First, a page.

As a diverse forum of stakeholders, DLLC members work very hard to identify new data sources and to vet current data sources so that all members at the table are working from data they can all agree on. A prime example of this was a year-long effort of DLLC members to identify data that told the story around chicken farming on Delmarva. The outcome was our Exploring Chicken Farming on the Delmarva storyboard that provides a long-term look into trends across the industry and the region.
DLLC also utilizes and seeks to inform models being used by the Chesapeake Bay Program (CBP) that project pollution flow and loads, and simulate how changes to pollution controls, land use, atmospheric deposition and precipitation could impact the ecosystem, particularly water quality and living resources like fish and wildlife. According to the CBP, “These simulations are a valuable part of the decision-making for reducing pollution and meeting water quality standards through achievable, equitable and cost-effective approaches. The results of model simulations are never viewed as perfect forecasts, but serve as the Bay Program’s best estimates based on state-of-the-art, extensively peer-reviewed science (Chesapeake Bay Program Environmental Modeler – Backgrounder).”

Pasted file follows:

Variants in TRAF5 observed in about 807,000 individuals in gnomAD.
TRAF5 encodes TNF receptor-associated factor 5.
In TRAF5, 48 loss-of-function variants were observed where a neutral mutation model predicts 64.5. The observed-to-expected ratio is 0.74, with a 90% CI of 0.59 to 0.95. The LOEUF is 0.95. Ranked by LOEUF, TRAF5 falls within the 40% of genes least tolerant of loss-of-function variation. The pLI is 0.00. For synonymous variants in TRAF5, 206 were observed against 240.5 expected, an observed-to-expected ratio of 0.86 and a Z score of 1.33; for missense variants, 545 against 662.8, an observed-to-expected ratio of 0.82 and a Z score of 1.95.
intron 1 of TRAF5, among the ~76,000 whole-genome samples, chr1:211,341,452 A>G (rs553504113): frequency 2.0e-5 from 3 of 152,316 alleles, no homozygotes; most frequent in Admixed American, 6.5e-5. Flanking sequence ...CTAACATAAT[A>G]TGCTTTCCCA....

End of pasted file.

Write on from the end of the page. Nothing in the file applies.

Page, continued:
The models are updated when new data is available, but some stakeholders question the accuracy of the model’s results. Because the land area within the Bay’s watershed is so large, it is difficult for the CBP to accurately track all of the management practices that are conducted on farms – unless the farmer uses state or federal cost-share funds. However, many farms implement conservation practices on their own. States and universities are constantly working to identify these practices so that they can be counted in the model and so that the agricultural community can be recognized for the work they are doing to reduce nutrients going into the waterways.
Watch our October 2021 Webinar on the data and facts around water quality and farming on Delmarva.